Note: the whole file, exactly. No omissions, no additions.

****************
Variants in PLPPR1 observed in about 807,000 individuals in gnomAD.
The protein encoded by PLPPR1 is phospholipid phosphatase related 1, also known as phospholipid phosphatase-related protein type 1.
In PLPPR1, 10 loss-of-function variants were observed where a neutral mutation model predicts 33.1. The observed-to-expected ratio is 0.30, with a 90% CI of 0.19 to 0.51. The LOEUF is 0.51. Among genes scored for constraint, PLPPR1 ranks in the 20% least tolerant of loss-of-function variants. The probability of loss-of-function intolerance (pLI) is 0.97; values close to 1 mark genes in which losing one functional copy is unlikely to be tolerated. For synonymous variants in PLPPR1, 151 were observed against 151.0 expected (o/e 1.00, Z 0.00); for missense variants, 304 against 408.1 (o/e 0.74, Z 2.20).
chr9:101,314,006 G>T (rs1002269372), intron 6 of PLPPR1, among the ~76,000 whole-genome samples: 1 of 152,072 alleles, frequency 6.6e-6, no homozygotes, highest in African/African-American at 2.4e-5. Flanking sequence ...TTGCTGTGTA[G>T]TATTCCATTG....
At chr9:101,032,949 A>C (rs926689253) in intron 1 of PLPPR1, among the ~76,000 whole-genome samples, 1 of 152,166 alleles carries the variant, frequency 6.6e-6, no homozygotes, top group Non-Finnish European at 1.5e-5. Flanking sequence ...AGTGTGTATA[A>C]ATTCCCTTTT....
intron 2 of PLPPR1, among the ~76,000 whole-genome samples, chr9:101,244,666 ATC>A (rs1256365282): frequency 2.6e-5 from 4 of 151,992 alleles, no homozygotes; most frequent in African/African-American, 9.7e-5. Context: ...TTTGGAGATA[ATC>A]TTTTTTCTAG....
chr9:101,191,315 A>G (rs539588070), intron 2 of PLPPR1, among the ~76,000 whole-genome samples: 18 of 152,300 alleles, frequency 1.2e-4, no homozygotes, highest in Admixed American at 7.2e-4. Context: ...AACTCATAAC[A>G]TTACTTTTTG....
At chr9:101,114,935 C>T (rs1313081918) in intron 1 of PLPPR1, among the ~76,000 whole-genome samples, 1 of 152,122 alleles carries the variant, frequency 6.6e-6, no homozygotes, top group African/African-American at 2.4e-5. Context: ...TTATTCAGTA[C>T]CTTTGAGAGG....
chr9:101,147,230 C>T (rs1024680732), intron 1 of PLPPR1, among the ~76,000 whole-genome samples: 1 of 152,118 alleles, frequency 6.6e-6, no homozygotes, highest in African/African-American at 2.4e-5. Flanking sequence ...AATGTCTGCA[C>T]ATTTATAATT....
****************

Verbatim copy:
Variants in PLPPR1 observed in about 807,000 individuals in gnomAD.
The protein encoded by PLPPR1 is phospholipid phosphatase related 1, also known as phospholipid phosphatase-related protein type 1.
In PLPPR1, 10 loss-of-function variants were observed where a neutral mutation model predicts 33.1. The observed-to-expected ratio is 0.30, with a 90% CI of 0.19 to 0.51. The LOEUF is 0.51. Among genes scored for constraint, PLPPR1 ranks in the 20% least tolerant of loss-of-function variants. The probability of loss-of-function intolerance (pLI) is 0.97; values close to 1 mark genes in which losing one functional copy is unlikely to be tolerated. For synonymous variants in PLPPR1, 151 were observed against 151.0 expected (o/e 1.00, Z 0.00); for missense variants, 304 against 408.1 (o/e 0.74, Z 2.20).
chr9:101,314,006 G>T (rs1002269372), intron 6 of PLPPR1, among the ~76,000 whole-genome samples: 1 of 152,072 alleles, frequency 6.6e-6, no homozygotes, highest in African/African-American at 2.4e-5. Flanking sequence ...TTGCTGTGTA[G>T]TATTCCATTG....
At chr9:101,032,949 A>C (rs926689253) in intron 1 of PLPPR1, among the ~76,000 whole-genome samples, 1 of 152,166 alleles carries the variant, frequency 6.6e-6, no homozygotes, top group Non-Finnish European at 1.5e-5. Flanking sequence ...AGTGTGTATA[A>C]ATTCCCTTTT....
intron 2 of PLPPR1, among the ~76,000 whole-genome samples, chr9:101,244,666 ATC>A (rs1256365282): frequency 2.6e-5 from 4 of 151,992 alleles, no homozygotes; most frequent in African/African-American, 9.7e-5. Context: ...TTTGGAGATA[ATC>A]TTTTTTCTAG....
chr9:101,191,315 A>G (rs539588070), intron 2 of PLPPR1, among the ~76,000 whole-genome samples: 18 of 152,300 alleles, frequency 1.2e-4, no homozygotes, highest in Admixed American at 7.2e-4. Context: ...AACTCATAAC[A>G]TTACTTTTTG....
At chr9:101,114,935 C>T (rs1313081918) in intron 1 of PLPPR1, among the ~76,000 whole-genome samples, 1 of 152,122 alleles carries the variant, frequency 6.6e-6, no homozygotes, top group African/African-American at 2.4e-5. Context: ...TTATTCAGTA[C>T]CTTTGAGAGG....
chr9:101,147,230 C>T (rs1024680732), intron 1 of PLPPR1, among the ~76,000 whole-genome samples: 1 of 152,118 alleles, frequency 6.6e-6, no homozygotes, highest in African/African-American at 2.4e-5. Flanking sequence ...AATGTCTGCA[C>T]ATTTATAATT....